Anyhow, it was fun. I got my contact knocked out with in the first few minutes, saved it, wrapped it in a taxi receipt and played on with one eyed vision, which didn’t seem to hinder me much. I gained steam as we played on and did fine. Got a lot of offensive rebounds and scored on putbacks, hit a couple of foul line extended jumpers – always my one and only sweet spot beyond two feet -- and passed and defended well enough to not humiliate myself.

The honor of Dunk magazine was defended and as I was limping away on a gimpy hamstring my new friend told me when to call him any time I need anything. Which is worth way more than an unstrained hammy.

Wednesday, December 12, 2007

Always Time for A Wall pic




An acquaintance just found and sent me these photos of me and Dixie on a broken down section of the Wall from their visit in October 06. I took my folks on a school-sponsored trip to the Commune at the Great wWll.. very cool place. This section of the Wall is an easy 15 minute hike from there. Dixie and I ventured further than all the ladies and she snapped these.

Tuesday, December 11, 2007

More Pittsburgh





Here are a couple paragraphs I cut from my last column, all stuff about Pittsburgh... it just seemed like I was going a little overboard with that angle and needed to trim it back, but it's all true...

Whole column again can be read here

By the way, now that I finally realized they are free, I am not going to post entire columns up here anymore. Please go to WSJ site to read them instead. Thanks.

**
Displaced Pittsburghers are a unique lot. Many of us truly love the city we have left behind. There are websites dedicated to the Pittsburgh diaspora and the editor of one of them recently wrote me to discuss my different feelings about being an American expat living abroad and Pittsburgh expat, living in New Jersey.

That seemed insane at first, but the more I thought about it, the more sense it made. I lie awake the night before closing on my first house, in New Jersey, because I felt like I was being unfaithful, abandoning the hometown to which I always thought I would return when it was time to settle down. I never had the same conflicted feelings about moving to China, because I knew it was temporary.

**

Thanksgiving is always a veritable diaspora reunion, with people returning to Pittsburgh from all over. I have long looked forward to making the November pilgrimage across the Pennsylvania Turnpike from New Jersey to Pittsburgh, routinely stopping at a McDonalds filled with people decked out in Steelers gear making the same trek.

Super Moverz



Our friend Wyatt Cameron runs a great program here called Super Moverz. They are moving back tot he U.s. this summer and he is gearing up to launch it as a business. Check out some of his promo literature and his models- Anna and Eli both featured. I really can't even describe how much all three of our kids love Wyatt and this class.

Sunday, December 09, 2007

Cabrera/Bream Oh My



I told the writer form the P-G that I still follow the Steelers AND the Pirates online at PG.com every day, admitting that at this point following the Bucs form China was downright depraved. "Would you describe it as being more like the attraction to watching a train wreck, or like a drug addiction?" he asked.

After brief contemplation, I told him it was closer to the addiction. The team, after all, is on the verge of its 15th consecutive losing season, which would be an all time record FOR ANY SPORT. And it all began one fateful night in October, 1992, as I sat perched on the edge of my couch on 27th Street and watched a nightmare unfold. It was my darkest moment as a sports fan, by a large, large margin. I was thinking about it again after that conversation and then saw this, from Bill Simmons, on ESPN.com:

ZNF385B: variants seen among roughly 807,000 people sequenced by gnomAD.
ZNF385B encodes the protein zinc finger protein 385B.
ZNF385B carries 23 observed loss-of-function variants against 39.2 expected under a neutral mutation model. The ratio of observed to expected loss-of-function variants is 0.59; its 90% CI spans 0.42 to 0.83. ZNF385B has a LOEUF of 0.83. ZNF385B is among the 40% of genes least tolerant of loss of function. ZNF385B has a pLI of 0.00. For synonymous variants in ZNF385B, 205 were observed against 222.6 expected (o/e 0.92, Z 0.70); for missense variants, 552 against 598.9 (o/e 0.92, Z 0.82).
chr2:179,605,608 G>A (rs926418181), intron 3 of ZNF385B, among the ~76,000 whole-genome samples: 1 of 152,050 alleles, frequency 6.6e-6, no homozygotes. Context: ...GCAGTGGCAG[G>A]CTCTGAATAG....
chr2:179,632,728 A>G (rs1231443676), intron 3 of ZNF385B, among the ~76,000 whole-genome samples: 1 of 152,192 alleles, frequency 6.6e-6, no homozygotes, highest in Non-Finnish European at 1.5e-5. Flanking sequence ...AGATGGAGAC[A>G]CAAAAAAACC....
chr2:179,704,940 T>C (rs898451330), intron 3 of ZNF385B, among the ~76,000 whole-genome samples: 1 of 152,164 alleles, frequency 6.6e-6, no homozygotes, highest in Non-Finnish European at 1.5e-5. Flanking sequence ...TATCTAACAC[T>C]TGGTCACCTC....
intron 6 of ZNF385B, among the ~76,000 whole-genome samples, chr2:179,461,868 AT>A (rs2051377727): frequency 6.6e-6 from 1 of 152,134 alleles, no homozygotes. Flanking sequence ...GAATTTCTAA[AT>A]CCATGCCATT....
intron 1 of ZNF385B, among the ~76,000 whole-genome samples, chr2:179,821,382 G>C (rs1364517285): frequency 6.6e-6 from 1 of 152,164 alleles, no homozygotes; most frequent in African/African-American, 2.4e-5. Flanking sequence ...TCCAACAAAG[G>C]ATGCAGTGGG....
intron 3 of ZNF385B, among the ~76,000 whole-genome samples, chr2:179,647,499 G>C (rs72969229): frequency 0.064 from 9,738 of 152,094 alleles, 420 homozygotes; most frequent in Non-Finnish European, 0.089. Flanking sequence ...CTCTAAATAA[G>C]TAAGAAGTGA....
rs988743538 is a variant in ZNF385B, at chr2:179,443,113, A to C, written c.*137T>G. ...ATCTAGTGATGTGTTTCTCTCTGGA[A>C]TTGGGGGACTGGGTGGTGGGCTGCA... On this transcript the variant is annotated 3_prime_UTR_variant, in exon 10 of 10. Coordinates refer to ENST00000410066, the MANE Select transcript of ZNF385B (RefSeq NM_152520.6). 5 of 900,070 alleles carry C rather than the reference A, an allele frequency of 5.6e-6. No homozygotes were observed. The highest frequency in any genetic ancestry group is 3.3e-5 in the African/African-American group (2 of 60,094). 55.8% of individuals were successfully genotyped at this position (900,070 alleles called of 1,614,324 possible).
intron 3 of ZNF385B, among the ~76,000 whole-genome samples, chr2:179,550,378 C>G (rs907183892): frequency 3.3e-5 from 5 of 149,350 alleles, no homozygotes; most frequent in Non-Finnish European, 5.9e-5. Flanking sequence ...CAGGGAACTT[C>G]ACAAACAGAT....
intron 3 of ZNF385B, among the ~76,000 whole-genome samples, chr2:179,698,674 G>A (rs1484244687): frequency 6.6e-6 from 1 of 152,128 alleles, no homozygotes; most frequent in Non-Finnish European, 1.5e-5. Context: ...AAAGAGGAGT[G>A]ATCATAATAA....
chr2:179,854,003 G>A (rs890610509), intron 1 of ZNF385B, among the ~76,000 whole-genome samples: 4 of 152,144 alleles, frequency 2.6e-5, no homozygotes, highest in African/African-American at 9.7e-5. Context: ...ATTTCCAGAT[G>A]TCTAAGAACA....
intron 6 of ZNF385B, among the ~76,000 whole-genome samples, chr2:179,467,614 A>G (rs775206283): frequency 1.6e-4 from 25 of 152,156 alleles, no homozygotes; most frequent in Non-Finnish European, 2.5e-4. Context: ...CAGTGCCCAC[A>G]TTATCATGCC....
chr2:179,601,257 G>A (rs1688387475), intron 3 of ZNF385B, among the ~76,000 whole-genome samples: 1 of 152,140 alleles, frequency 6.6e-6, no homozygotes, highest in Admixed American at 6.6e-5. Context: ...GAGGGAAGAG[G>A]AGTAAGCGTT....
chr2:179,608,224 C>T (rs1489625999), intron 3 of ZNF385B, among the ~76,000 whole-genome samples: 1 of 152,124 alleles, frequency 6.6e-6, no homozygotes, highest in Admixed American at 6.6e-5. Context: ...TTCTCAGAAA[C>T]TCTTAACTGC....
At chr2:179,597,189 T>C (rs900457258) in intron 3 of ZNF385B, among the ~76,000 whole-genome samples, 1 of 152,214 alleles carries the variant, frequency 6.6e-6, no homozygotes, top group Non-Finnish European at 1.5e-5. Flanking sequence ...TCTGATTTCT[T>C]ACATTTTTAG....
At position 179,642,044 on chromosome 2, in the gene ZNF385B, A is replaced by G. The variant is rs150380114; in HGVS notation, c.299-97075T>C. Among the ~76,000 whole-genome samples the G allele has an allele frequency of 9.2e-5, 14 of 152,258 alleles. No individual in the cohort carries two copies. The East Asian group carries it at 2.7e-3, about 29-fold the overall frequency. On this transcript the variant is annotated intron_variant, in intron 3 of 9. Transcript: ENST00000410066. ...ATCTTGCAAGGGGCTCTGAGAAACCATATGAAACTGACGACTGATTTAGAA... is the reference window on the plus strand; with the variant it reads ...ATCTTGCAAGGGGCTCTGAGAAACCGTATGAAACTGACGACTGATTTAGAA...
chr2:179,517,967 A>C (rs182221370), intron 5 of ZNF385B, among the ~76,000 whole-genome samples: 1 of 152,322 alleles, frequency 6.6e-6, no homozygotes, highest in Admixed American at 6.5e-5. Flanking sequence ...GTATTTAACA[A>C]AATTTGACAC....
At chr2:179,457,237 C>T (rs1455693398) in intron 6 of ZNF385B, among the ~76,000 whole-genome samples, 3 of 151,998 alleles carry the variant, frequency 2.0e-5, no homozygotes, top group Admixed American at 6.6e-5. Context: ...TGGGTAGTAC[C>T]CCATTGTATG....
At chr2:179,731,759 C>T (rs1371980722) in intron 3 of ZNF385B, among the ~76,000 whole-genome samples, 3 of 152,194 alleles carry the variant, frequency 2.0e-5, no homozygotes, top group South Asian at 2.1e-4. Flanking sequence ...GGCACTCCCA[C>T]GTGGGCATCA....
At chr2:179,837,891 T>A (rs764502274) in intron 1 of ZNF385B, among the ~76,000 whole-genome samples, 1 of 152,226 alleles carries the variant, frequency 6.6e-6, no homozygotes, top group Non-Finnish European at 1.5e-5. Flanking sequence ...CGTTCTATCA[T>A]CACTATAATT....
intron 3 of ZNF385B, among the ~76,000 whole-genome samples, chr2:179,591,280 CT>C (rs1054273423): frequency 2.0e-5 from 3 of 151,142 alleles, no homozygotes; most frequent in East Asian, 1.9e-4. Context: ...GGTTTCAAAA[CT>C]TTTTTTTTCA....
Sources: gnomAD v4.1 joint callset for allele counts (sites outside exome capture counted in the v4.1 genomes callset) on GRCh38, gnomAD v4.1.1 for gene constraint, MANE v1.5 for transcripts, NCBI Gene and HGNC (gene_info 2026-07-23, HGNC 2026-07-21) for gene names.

The most agonizing baseball moment since Bill Buckner's gaffe was Francisco Cabrera's series-winning single for Atlanta that killed Pittsburgh in the 1992 playoffs. Not only did the Pirates blow a ninth-inning lead, not only did Cabrera, a no-name, deliver the final blow, not only did comically slow Sid Bream somehow beat a Barry Bonds throw home, not only was it the Pirates' third straight October defeat ... but Bonds signed with the Giants a couple of months later, banishing the Pirates to small-market hell. They haven't been heard from since. The franchise was effectively murdered by one play.


It's a perfect summation.

Friday, December 07, 2007

Pittsburgh Post-Gazette story

There's a story on me in today's Pittsburgh Post Gazette. It is really strange to be on the other side of this process, but I enjoyed speaking with reporter Bill Toland and I think he did a good job.

I should have told the reporter that I am former delivery boy. Considering that and that the PG was the newspaper of my youth -- and that I still read it online every day, this is an honor.

The story is here.

If you are a P-G reader who came here because of the story, hello. The only error in the piece was that you actually can read my WSJ columns at the site for free. Just click here.

New column Up


And I just found that I can get a free link. Click here to read and pass along.

This random Pittsburgh image seemed appropriate accompaniment.

Thursday, December 06, 2007

Maplewood's latest and greatest




Welcome to the world Jackson Lange, son of George and Stephanie. I'm proud to have helped lure them out to Maplewood. They were great additions to the town and he is even better, I'm sure. Also happy that the world has a new Jack Lange. The original was George's father and my next door neighbor growing up. He knew where many of my bodies were buried back in high school because I think he was up half the night. And he never ratted me out. Belated thanks Jack.

Tuesday, December 04, 2007

More Funny Music Tales




I set up a blog over on the Woodie Alan website, so I won't be throwing every detail of our gigs up here – unless people are enjoying them. I'm not really sure about that, so let me know. I will share one more really good one.

I also put a new photos page up there. Woodie has a bunch of photographer friends and so we've gotten some really cool shots recently, including a bunch from that Yugong Yishan gig, sampled here.